BLACKFISH has caused me debate for some time. Should I include it in a Family Video Review as a family film? After quite a bit of thought, I decided this is the perfect type of film – a movie that will result in discussion and debate, a movie that could change our thoughts and opinions and open our eyes to look at the world differently.

Let me say right from the start that this is not a film for younger audiences. BLACKFISH contains disturbing images and emotions run high. I would recommend no one under 13 watch this movie unless they are particularly mature for their ages or have a special interest in its subject matter.

BLACKFISH is a documentary that delves into the world of killer whales that are brought into captivity and trained to perform in theme parks such as Sea World. Many of us who have attended such shows have probably never given a second thought to what goes on behind the scenes – how the animals are captured and trained, how they are forced to adapt to an entirely foreign world of isolation and solitude.

Blackfish Movie

BLACKFISH is a wonderful illustration of the ability of motion pictures to not only entertain but to enlighten and teach and challenge.

A good majority of this movie consists of interviews from those who have participated either in the capture or training of these magnificent creatures and have lived to regret their decisions in doing so. We hear from gentlemen who vividly and tearfully detail how the baby whales are taken from their families. We listen to stories from former Sea World trainers who describe how the captured animals are punished and starved as they learn to perform for thousands of captivated audiences who haven’t a clue what goes on behind the scenes.

The centerpiece of this documentary involves an orca by the name of Tilikum who was involved in the death of senior Sea World trainer Dawn Brancheau and the events that led up to this unfortunate event. We see actual footage of killer whale attacks, and we hear from victims and witnesses; however, I walked away from this movie not enraged at the animals who were responsible for these acts, but at the human motivations that forced them into captivity in the first place.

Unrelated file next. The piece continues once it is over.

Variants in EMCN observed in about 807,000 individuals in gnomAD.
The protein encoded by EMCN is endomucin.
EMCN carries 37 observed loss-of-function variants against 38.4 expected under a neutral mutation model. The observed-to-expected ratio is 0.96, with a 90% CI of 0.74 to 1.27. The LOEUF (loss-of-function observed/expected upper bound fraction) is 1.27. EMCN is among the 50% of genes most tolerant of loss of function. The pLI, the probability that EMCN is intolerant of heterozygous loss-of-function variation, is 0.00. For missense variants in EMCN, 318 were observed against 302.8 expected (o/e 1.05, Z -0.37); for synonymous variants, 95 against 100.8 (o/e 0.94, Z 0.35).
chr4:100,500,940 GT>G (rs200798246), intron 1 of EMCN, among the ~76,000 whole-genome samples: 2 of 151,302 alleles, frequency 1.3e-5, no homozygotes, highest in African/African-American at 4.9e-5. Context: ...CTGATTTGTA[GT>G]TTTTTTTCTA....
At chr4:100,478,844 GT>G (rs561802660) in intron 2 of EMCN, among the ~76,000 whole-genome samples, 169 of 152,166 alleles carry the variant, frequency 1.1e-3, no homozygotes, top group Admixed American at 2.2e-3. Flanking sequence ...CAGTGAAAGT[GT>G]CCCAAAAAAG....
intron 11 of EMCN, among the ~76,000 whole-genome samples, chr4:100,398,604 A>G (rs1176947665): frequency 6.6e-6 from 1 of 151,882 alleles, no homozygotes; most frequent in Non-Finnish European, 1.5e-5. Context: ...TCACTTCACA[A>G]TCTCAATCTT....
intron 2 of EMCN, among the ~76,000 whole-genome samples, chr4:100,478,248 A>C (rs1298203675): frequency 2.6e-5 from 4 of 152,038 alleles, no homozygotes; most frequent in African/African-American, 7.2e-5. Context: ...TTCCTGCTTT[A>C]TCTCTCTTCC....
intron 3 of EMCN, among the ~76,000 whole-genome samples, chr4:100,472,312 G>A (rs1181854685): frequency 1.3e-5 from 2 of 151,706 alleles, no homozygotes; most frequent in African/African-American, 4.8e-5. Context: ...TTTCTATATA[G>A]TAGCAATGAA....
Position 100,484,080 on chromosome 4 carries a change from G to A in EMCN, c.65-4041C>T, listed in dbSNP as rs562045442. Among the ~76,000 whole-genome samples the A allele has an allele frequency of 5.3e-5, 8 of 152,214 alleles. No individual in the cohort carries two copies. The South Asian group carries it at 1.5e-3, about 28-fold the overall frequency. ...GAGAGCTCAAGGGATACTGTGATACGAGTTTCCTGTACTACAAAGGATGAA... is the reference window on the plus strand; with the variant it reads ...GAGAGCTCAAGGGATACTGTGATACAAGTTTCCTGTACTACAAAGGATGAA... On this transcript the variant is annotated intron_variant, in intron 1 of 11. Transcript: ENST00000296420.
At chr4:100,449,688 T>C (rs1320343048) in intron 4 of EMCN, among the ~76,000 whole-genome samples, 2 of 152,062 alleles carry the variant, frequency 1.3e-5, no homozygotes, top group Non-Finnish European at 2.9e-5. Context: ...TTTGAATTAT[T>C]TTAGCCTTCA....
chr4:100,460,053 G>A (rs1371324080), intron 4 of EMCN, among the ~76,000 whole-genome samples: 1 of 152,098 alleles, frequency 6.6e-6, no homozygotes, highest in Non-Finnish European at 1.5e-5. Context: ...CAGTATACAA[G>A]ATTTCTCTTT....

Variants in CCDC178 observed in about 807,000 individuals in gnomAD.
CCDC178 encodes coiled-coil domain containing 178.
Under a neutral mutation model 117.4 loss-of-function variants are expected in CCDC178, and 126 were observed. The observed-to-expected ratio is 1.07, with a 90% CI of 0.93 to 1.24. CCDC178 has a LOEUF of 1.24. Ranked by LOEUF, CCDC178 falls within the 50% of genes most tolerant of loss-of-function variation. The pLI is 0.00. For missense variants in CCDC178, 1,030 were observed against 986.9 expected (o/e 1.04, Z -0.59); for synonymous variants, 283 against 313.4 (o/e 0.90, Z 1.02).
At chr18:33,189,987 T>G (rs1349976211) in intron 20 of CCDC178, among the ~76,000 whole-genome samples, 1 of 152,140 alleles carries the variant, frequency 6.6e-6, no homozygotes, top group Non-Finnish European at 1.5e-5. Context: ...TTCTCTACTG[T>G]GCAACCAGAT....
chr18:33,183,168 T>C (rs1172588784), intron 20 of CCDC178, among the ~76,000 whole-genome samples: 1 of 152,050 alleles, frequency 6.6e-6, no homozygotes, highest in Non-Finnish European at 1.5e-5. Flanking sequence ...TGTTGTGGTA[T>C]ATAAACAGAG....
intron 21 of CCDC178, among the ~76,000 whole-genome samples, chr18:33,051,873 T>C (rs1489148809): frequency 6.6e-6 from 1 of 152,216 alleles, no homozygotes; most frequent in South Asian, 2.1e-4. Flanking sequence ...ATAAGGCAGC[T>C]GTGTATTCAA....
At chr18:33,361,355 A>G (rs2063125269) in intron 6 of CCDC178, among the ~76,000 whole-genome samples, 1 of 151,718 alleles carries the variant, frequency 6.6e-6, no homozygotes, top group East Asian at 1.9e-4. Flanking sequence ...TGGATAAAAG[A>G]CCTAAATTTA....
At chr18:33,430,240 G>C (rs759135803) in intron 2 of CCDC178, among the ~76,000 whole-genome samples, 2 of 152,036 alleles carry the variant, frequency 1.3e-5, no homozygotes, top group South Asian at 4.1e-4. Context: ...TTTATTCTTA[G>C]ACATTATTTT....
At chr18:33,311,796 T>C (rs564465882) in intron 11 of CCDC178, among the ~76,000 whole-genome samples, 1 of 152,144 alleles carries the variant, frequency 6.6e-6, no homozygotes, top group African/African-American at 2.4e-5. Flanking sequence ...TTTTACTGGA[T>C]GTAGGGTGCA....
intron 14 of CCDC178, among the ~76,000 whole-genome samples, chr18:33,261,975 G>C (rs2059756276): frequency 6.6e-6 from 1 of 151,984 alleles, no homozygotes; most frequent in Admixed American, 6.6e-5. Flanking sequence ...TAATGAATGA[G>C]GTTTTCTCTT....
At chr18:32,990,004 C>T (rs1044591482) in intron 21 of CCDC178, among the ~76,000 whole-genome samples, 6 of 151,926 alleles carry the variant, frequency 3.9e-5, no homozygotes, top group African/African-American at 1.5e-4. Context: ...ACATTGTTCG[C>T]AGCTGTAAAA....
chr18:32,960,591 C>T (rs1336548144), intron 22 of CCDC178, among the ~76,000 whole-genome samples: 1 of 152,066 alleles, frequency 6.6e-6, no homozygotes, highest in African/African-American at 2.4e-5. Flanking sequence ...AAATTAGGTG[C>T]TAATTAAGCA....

BLACKFISH is a wonderful illustration of the ability of motion pictures to not only entertain but to enlighten and teach and challenge. I don’t know about you, but every time I go to a zoo, there’s always a tinge of sadness as I see the animals behind the fences and in the cages, away from their natural habitat. This film shows in heartbreaking detail the effects of calves being taken away from their mothers and the dangers the orcas face in captivity, both in human form and from the other killer whales in the same plight.

Unfortunately, in my opinion, there is a huge liability that keeps this from being a 4-star movie. There is very, very little time given to those who feel differently from the obvious stance of the filmmakers. In a film such as this, I feel it is vital to hear both sides of the story. I want to hear the opinions of those who feel captivity doesn’t breed hostility, who feel there is nothing wrong with forcing animals out of their homes and teaching them to perform. I long to hear from those with whom I disagree because it ironically often leads to more of an understanding.

An epilogue at the end of the movie states that current Sea World employees repeatedly declined to be interview for the movie, so it’s quite possible that the filmmakers hands were tied in this regard; however, the movie suffers as a result.

That being said, BLACKFISH is definitely worth seeing, particularly for anyone who has a fondness and love for animals. There was only one four letter word used (actually it was eight letters, but you get the idea); however, we hear descriptions of semen and insemination, so there may be some explanation required. There is also a segment that is subtitled, so unless your children speak Spanish or are very fast readers, you may need to help them out.

This is an important movie that broaches an tough topic with tact and honesty. I think it could result in some great conversation afterwards, and while not the most enjoyable movie I’ll ever discuss on this blog, it could be of the most meaningful.

Family Video Review: Blackfish

So, until next time, see you at the Redbox…

Have you seen BLACKFISH? What was your opinion?

If you haven’t seen it, do you plan to watch it?

Jeff is a mJeff Marshall, humorusician, humorist, gardener, and uncle. Jeff is Sara’s cousin, life-long dear friend, and “Uncle Oscar” (our nickname for him because of his love of all things movie) to Sara’s kids. Our lives have been intertwined in the most blessed way.

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